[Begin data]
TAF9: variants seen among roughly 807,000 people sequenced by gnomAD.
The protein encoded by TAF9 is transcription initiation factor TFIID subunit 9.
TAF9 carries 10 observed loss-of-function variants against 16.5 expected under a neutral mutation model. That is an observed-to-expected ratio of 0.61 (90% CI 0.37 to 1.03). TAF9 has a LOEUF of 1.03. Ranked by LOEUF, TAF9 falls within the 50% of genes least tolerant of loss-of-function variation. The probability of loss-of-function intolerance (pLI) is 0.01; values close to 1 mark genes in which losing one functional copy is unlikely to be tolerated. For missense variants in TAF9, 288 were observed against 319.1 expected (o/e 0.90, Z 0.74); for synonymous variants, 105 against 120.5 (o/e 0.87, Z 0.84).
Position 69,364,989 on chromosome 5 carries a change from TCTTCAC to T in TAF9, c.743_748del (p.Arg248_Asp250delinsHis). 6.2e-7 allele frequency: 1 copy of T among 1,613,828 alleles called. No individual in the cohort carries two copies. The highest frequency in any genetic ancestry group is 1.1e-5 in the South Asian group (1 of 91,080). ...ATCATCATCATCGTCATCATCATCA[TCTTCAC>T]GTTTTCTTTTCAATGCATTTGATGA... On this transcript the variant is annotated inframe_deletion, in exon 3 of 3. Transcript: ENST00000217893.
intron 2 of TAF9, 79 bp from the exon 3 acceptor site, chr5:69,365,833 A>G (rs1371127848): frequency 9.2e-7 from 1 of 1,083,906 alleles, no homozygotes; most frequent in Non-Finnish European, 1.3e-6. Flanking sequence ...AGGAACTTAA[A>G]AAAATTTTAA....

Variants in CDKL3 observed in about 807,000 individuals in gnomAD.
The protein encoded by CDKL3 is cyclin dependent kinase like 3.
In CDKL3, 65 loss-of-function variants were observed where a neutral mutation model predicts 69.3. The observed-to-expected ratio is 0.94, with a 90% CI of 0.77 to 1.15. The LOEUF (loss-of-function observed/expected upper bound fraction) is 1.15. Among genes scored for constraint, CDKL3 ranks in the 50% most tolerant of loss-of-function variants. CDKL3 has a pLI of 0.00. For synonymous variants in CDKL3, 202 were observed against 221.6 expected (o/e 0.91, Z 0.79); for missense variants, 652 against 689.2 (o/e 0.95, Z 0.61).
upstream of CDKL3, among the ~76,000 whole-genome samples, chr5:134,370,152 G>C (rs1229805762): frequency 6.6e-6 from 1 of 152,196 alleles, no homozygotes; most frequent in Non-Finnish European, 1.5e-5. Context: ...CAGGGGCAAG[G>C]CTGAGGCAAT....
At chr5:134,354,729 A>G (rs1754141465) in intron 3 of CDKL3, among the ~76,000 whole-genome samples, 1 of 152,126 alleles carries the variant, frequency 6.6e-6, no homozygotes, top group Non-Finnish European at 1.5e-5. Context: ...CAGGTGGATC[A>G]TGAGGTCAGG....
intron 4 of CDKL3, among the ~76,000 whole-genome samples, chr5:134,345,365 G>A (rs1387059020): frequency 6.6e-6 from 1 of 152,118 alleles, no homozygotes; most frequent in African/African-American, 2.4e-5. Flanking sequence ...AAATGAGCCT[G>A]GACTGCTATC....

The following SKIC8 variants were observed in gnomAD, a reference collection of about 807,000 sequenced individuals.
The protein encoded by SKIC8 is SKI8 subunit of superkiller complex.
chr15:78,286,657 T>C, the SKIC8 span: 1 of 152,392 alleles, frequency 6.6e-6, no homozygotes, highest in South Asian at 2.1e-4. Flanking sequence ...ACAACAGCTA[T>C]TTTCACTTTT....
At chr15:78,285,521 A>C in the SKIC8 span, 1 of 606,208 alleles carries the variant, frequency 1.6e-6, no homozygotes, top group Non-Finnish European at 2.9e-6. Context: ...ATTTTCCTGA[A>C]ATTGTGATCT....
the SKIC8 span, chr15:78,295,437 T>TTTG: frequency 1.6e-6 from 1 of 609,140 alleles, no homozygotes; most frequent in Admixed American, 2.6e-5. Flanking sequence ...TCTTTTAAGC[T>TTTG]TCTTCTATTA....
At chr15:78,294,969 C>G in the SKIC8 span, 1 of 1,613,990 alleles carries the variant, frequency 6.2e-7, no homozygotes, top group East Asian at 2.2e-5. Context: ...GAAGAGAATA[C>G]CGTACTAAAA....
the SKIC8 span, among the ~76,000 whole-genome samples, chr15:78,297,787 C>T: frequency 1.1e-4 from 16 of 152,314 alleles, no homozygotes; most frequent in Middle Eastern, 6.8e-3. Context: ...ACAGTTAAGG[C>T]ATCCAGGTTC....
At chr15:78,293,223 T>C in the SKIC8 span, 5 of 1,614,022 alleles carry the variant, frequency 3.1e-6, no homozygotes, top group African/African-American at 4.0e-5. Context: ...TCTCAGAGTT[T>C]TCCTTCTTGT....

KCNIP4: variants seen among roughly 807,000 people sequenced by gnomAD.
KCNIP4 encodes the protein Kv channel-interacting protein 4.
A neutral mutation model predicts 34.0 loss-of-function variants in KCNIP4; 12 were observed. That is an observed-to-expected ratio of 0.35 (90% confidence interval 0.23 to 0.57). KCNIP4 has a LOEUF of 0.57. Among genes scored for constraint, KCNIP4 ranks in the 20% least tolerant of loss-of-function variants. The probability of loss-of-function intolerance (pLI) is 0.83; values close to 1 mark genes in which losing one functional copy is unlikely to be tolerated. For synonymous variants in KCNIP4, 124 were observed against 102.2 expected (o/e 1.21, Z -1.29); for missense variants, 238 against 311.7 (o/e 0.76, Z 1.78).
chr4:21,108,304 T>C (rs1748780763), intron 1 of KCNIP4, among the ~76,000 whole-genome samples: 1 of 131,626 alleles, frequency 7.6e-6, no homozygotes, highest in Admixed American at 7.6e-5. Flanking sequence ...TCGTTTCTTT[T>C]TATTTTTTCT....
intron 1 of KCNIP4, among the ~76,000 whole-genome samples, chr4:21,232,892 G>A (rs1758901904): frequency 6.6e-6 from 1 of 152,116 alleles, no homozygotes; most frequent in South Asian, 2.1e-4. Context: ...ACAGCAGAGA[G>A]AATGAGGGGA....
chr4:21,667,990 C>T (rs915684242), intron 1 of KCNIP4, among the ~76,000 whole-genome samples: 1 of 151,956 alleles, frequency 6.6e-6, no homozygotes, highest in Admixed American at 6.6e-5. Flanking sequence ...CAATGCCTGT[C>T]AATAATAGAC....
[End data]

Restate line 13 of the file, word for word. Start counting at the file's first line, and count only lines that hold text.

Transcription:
The protein encoded by SKIC8 is SKI8 subunit of superkiller complex.